European brands take worst sales hit from Sandy
SUMMIT, N.J. -- Sandy's biggest impact may be felt by European brands that depend heavily on sales in the hard-hit region.
"We can expect to see the effects of the storm on our sales for the next four to six weeks," said Mercedes-Benz USA spokeswoman Donna Boland.
Edmunds.com analyst Jessica Caldwell said Sandy will have "significantly more" impact on Mercedes and BMW than on most other brands.
She said New York City, northern New Jersey and part of Connecticut account for 17 percent of U.S. sales for Mercedes and 16 percent for BMW -- compared with 6 percent for Toyota, 4 percent for Ford and 3 percent for Chevrolet.
Volkswagen says about 20 percent of its U.S. sales are in areas that were slammed by the storm. Spokesman Scott Vazin said about 20 percent of the 607 VW brand dealerships were affected "in some way." But Vazin said it is too early to know what effect the destruction will have on sales for the rest of the year.
Volkswagen's situation last week was typical of most automakers in the days after the storm hit.
"Our regional management does not have power, nor do their dealerships," Vazin said.
"Cell phones are beginning to run dry of battery power. We don't have any concrete information on dealership facility damages just yet. Some of our regional folks are trying to get out and drive around to investigate, but many of the roads are closed."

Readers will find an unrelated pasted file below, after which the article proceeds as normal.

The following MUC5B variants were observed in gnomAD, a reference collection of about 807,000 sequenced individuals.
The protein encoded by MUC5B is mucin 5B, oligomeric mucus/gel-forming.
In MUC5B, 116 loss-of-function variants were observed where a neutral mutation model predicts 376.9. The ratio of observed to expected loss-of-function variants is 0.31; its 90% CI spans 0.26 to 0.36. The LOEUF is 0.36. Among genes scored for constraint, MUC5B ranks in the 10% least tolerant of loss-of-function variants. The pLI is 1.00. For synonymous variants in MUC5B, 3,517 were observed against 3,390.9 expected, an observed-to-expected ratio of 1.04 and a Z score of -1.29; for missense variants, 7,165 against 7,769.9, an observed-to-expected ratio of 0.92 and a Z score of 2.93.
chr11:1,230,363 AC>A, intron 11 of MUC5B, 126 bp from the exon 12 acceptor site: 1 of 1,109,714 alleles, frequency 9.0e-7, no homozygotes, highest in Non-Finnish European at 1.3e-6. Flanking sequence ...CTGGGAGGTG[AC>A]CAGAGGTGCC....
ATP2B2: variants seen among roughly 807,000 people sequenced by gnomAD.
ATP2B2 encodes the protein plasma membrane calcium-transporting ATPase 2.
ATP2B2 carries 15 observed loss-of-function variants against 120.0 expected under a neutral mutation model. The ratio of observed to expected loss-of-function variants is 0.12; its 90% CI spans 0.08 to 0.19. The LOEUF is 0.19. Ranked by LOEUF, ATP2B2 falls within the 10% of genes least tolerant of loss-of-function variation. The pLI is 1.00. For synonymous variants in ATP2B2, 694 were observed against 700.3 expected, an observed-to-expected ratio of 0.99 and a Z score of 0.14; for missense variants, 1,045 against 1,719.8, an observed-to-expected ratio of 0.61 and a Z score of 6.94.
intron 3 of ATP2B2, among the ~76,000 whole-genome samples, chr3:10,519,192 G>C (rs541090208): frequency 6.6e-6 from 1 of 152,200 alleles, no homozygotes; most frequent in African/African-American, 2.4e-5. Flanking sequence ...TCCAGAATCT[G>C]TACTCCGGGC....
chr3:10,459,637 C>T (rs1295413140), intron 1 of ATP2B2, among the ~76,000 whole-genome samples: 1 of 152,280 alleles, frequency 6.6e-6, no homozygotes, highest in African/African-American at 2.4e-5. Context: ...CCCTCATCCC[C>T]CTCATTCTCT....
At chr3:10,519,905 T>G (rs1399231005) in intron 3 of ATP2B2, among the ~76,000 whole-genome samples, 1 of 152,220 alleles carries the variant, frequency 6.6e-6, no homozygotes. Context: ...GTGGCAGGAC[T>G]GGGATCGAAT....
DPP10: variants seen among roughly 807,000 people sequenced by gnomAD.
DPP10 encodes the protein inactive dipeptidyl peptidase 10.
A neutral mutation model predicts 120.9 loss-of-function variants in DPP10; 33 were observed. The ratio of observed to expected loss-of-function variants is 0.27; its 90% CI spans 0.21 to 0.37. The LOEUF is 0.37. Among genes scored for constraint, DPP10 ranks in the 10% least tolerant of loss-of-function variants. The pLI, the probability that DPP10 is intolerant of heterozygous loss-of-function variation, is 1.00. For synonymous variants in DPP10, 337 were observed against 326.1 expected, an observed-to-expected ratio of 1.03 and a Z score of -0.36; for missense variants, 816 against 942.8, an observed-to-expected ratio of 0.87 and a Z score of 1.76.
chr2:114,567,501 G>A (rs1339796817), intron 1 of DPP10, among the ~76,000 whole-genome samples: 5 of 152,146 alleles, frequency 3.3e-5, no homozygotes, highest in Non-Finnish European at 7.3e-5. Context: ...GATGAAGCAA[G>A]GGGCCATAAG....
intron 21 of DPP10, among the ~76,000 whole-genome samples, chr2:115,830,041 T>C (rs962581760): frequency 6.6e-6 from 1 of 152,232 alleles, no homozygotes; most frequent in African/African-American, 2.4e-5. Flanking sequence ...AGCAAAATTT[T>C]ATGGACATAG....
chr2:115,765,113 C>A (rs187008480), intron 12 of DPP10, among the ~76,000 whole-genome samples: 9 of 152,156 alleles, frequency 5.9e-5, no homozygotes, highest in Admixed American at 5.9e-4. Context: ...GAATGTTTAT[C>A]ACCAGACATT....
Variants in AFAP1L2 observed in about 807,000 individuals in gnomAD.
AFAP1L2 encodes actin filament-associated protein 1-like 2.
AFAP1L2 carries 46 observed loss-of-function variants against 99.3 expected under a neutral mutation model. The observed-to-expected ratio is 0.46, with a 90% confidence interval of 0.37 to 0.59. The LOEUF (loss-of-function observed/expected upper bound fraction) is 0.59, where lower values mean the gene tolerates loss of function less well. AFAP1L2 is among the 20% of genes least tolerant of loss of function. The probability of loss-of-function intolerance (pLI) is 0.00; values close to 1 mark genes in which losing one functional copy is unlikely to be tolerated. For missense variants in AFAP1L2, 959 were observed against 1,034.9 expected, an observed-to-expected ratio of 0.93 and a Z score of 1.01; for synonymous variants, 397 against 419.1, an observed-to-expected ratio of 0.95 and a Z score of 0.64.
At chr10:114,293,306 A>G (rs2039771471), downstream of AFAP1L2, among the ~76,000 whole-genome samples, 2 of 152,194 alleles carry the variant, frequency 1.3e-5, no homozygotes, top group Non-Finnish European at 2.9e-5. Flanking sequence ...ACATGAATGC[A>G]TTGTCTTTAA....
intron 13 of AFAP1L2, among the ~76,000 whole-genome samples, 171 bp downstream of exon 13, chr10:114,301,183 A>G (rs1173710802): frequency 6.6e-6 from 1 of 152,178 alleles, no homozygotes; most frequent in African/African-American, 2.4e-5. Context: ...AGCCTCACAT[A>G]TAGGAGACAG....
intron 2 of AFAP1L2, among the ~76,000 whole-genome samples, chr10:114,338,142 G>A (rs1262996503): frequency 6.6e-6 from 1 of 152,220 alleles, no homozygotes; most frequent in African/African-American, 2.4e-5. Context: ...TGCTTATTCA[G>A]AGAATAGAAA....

Audi of America said New Jersey, New York and New England account for 20 percent of its U.S. sales. "There has been short-term impact from power outages and customers postponing deliveries until after the storm passed," a spokesman said. "We're still assessing whether there's any long-lasting impact on our sales numbers."
Volvo Cars of North America, based in Rockleigh, N.J., said about 20 percent of its 118 dealers in the Northeast region were affected by the storm. "Some did report vehicle losses and we are working with them to replace inventory," a spokeswoman said.
BMW is based in Woodcliff Lake, N.J. Its offices were still closed as of Friday. Peter Miles, BMW of North America's vice president of operations, said: "Business conditions in the affected areas are extremely challenging right now."
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